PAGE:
We all have things we love about the wealth management business and I’ve written about them here. This post is allowing me to vent and I hope it’s going to help you remember some things you wish you could change in your firm. Or, I’m hoping you’ll consider thinking about changing.
If you agree or disagree, please let me know what you think.
Too many firms sound exactly alike.
If I close my eyes and have you read your me your value statement on your website it’s going to sound like almost every other wealth management firm in the world. The truth is too many firms just don’t think about what really differentiates themselves from their brethren.
In fact, I find that almost every firm does have something that makes them different. The problem is that it’s really hard work to figure this out and it’s work that most wealth management firms really don’t want to do.
Don’t have your firm be commoditized. Figure out what makes you different.
Owners don’t take actions to create sustainable value.
There are two things that create sustainable value in any business, not just the wealth management business. The first is a recurring revenue stream. Something this industry has in spades.
The second is a real challenge. That’s creating a business where you become irrelevant in the day-to-day operations. Too many wealth management firm owners tell me that it’s not possible for them to get out of the way. I challenge you to think about how you’re wrong with this assumption and then do some experiments to see how you can become operationally irrelevant in your firm.
Owners allow consulting organizations to over value their business.
I get involved in conversations regularly about what firm’s are worth. Like most business owners you over value your firm. The problem with this is you’re also going to hold a lot of paper if you decide to sell. When you over value your firm, you are increasing the odds that you’re never going to be paid what you finance after the deal closes. I’ve written about this a lot. You can read more on this topic by clicking here.
Too many wealth management firms don’t focus on target markets.
You could also say wealth management firms refuse to develop niche markets and say no to everyone else. I’ve written an awful lot about the issue of how niche firms out perform those which try to be all things to all people.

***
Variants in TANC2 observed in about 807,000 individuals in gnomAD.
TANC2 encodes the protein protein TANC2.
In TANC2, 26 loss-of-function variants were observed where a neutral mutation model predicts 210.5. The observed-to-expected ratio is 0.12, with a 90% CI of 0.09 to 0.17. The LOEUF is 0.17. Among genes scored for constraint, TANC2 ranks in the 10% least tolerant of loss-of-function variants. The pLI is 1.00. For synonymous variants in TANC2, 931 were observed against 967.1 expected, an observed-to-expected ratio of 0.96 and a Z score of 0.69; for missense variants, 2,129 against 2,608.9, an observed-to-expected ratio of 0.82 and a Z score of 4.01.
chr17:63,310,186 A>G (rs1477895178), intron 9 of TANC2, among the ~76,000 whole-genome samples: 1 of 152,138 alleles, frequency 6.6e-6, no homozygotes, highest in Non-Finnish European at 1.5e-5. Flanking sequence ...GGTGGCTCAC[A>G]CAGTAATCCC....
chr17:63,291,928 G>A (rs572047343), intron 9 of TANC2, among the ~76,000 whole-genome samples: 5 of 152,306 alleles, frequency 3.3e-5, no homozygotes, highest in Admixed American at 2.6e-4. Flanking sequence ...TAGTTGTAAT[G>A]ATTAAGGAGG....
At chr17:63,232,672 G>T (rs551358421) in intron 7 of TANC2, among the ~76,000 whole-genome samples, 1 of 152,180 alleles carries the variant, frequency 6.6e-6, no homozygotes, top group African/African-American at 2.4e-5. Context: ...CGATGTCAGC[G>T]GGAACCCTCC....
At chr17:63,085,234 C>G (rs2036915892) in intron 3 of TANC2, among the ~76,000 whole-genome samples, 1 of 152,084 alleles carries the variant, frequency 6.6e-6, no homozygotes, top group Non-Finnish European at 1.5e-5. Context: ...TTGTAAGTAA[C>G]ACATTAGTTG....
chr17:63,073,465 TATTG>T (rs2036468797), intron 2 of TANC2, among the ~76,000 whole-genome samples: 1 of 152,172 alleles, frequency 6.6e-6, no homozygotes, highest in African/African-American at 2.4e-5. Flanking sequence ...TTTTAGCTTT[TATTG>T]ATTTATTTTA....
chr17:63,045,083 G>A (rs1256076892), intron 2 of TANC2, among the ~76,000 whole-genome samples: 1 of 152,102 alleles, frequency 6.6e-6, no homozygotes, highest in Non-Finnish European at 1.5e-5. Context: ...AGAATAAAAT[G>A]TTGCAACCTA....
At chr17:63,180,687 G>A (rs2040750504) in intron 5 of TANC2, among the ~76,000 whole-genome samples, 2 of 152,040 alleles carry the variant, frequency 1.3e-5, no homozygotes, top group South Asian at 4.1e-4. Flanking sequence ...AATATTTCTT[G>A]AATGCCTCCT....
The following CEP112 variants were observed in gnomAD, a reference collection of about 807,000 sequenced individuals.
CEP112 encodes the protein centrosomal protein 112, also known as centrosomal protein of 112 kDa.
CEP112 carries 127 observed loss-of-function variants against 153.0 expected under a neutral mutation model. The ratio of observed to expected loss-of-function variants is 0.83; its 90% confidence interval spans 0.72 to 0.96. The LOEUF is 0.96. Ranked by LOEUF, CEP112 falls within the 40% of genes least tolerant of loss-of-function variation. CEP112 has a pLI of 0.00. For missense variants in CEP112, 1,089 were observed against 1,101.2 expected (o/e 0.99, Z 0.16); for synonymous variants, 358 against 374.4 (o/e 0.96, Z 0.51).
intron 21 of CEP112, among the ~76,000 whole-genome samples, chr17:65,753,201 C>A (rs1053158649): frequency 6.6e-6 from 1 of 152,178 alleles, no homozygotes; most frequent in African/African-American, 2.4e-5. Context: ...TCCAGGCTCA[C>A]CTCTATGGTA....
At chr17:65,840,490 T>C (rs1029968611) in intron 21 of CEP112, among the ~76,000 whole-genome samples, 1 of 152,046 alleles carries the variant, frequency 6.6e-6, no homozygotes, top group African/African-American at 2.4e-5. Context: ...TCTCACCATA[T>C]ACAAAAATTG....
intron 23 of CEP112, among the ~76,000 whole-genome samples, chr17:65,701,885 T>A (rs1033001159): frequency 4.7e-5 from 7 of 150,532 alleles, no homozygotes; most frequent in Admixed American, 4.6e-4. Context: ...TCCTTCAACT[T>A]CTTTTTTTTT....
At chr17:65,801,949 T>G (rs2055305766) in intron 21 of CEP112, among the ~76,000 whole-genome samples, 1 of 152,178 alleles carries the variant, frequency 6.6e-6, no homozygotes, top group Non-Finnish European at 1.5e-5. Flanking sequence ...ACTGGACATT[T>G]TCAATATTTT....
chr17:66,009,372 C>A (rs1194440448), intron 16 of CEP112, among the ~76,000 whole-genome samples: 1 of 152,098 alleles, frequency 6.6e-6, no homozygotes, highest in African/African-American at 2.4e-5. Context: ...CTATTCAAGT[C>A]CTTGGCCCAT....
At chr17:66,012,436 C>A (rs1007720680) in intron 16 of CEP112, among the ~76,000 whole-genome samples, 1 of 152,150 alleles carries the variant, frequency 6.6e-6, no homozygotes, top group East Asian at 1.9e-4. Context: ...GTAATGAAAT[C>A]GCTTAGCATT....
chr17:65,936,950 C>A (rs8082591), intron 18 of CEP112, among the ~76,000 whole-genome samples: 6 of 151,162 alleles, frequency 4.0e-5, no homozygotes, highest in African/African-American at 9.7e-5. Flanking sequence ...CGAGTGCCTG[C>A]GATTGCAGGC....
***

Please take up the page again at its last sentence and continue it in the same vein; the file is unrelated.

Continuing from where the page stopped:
I can promise you one thing. Your market is way too big for you to service, no matter how small you make it. You really don’t have to take every client that walks in the door. The faster you are able to say “you don’t fit” to potential clients, the more valuable your firm becomes.
Too many practices never become businesses.
I know you got into the wealth management world because you wanted to practice financial planning. I also know that you have become an accidental business owner. This doesn’t give you a pass on not learning how successfully runs a business.
It’s not just about practice management, it’s not just about bringing new clients on board and it’s certainly not just about how much you gather in AUM. There is an art and science in running a sustainable business. You should do yourself a favor and learn what that is.
We make things too complicated for our clients.
My experience with wealth managers is they’re a really smart group of people. We also gravitate towards the technical side of the business.
If you pay really close attention to your clients when you start to get technical you might see their eyes glaze over. This means you’re being too complicated. It also means your clients are probably starting to feel dumb. You don’t want to make your clients feel dumb do you? Then simplify your processes. Your clients will thank you for this.
We act like we know what’s best for our clients.
This is probably my biggest pet peeve. This also is not just something that exists in the wealth management world. It seems to exist in almost every part of the advice business.
It goes something like this: If only my clients would listen to my advice then everything would be good for them. The only problem is that our clients have their own needs and motivations. It’s our job to find the core reason they believe what they believe and then help them achieve their outcomes. It’s all about our clients and not about us. I wish more people in our industry actually believed this.
Still this is a really great business.
After all my whining you might think that I’m down on the wealth management business. That couldn’t further from the truth.
I love this business and think it’s probably the best business in the country right now. It could be even better if we all paid attention to these 7 things and worked to make them just a little better.
What do you think? Are you willing to at least think about these issues, choose one work to make it better?
BTW, we have a Linked In Group that you might enjoy discussing this issues in. To join, click here and you’ll get a chance to see what we’re up to.